The necessary patient informed consent was obtained in this study.

Discussion

Observations

Cirsoid aneurysms of the scalp are rare vascular abnormalities characterized by arteriovenous fistulas.11 They can have various etiologies, including trauma, congenital factors, iatrogenic causes, or idiopathic origins.1,11 In most cases, a single arterial supply, commonly the superficial temporal artery, is involved.5 However, our case highlights the unique instance of a large cirsoid aneurysm with multiple arterial supplies, including the right superficial temporal, supraorbital, and occipital arteries.

The patient in our case was a 67-year-old female who had presented with a gradually increasing swelling on her forehead and head since childhood. The swelling had become more prominent over the past 6 months and was accompanied by discomfort and occasional headaches. Notably, the patient did not recall any history of trauma to the scalp. Upon examination, a large, tortuous, and irregular midline swelling measuring approximately 12 × 5 cm was observed, extending from the glabella to the vertex of the skull. The swelling was pulsatile, fluctuant, and exhibited a bruit on auscultation.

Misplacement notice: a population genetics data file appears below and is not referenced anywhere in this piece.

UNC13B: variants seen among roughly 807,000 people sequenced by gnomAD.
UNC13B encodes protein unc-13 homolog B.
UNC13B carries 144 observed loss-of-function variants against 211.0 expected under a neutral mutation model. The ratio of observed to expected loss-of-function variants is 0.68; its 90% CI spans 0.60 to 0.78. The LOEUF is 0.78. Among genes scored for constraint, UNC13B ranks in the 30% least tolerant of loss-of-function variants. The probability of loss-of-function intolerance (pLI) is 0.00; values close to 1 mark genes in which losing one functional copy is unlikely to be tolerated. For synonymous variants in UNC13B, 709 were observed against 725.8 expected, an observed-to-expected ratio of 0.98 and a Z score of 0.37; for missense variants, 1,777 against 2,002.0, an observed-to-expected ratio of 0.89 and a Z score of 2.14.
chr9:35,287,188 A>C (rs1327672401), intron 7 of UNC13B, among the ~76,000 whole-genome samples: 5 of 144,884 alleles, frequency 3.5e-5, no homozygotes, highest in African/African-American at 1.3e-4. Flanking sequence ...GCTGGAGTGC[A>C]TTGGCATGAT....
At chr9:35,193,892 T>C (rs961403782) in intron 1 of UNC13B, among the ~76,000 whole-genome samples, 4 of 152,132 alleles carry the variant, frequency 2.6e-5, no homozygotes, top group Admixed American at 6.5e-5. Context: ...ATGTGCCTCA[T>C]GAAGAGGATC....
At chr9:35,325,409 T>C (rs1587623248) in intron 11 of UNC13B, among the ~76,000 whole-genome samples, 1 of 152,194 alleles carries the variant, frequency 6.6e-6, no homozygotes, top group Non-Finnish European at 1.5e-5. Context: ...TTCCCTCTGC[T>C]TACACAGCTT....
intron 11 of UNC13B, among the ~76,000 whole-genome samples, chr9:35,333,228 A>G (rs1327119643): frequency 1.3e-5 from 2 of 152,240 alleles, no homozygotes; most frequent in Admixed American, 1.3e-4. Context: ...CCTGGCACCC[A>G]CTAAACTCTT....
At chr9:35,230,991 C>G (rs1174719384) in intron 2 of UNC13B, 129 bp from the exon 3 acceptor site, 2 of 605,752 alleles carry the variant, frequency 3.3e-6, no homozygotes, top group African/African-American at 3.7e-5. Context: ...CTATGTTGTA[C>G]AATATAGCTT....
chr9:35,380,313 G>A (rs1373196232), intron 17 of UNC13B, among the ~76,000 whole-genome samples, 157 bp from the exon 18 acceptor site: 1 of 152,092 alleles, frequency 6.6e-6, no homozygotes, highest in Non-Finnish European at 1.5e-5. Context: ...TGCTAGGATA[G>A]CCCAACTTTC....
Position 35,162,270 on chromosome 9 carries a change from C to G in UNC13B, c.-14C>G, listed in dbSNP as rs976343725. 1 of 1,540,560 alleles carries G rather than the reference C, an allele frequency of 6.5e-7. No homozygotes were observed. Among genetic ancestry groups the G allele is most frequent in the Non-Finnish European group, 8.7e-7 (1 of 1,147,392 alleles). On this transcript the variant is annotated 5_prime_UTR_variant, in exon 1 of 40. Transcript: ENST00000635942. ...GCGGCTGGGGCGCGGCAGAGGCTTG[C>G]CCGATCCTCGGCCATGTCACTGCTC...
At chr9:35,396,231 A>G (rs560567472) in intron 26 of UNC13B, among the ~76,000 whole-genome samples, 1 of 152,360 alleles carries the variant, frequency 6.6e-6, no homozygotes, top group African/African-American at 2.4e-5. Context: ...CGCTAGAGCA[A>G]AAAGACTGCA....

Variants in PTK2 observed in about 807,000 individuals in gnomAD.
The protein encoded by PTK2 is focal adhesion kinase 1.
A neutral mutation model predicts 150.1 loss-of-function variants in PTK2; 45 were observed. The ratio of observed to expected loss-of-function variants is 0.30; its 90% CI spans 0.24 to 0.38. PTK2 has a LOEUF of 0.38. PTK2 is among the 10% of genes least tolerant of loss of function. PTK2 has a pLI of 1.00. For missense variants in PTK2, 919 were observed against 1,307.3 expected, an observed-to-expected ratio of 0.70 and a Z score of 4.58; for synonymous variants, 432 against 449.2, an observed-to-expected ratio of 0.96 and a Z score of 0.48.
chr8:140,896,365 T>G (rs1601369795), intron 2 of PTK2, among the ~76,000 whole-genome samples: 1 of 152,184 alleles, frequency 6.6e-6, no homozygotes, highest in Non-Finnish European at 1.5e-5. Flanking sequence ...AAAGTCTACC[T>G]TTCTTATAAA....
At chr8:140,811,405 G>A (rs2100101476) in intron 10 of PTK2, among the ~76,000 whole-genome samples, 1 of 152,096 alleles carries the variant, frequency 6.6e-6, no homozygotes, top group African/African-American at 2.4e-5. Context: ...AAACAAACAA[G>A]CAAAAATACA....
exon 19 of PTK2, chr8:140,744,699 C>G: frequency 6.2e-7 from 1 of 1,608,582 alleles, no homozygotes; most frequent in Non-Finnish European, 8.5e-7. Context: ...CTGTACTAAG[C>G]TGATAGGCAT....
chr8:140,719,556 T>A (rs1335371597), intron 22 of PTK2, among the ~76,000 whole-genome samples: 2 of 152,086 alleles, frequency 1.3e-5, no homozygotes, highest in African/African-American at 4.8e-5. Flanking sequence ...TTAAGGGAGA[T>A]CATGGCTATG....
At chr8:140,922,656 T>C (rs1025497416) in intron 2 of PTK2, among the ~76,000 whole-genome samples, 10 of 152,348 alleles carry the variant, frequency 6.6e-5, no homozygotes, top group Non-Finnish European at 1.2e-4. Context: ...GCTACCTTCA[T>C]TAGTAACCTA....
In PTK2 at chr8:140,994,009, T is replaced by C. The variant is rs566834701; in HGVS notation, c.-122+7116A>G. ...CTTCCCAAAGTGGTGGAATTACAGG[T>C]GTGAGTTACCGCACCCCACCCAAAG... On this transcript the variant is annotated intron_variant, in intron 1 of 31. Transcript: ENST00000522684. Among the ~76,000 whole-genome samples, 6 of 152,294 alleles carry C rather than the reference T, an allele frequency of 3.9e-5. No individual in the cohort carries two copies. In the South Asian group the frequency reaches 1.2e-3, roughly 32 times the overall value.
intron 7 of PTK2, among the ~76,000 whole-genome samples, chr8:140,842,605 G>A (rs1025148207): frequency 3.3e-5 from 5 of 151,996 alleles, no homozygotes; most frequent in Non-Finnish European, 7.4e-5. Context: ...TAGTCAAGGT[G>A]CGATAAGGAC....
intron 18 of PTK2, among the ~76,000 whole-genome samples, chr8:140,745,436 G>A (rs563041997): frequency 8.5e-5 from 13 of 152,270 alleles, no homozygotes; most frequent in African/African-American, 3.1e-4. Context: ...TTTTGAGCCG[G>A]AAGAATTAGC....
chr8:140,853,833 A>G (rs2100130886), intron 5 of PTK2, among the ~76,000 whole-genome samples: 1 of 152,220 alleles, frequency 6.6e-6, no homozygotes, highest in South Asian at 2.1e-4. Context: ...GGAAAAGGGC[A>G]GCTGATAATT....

A CECT scan of the head revealed a dilated tortuous mass of vessels in the scalp without any intracranial pathology. Further investigation via CTA provided detailed information about the lesion, highlighting its connection with the branches of the right superficial temporal, supraorbital, and occipital arteries. Importantly, no bony defects or intracranial extension/communication was observed.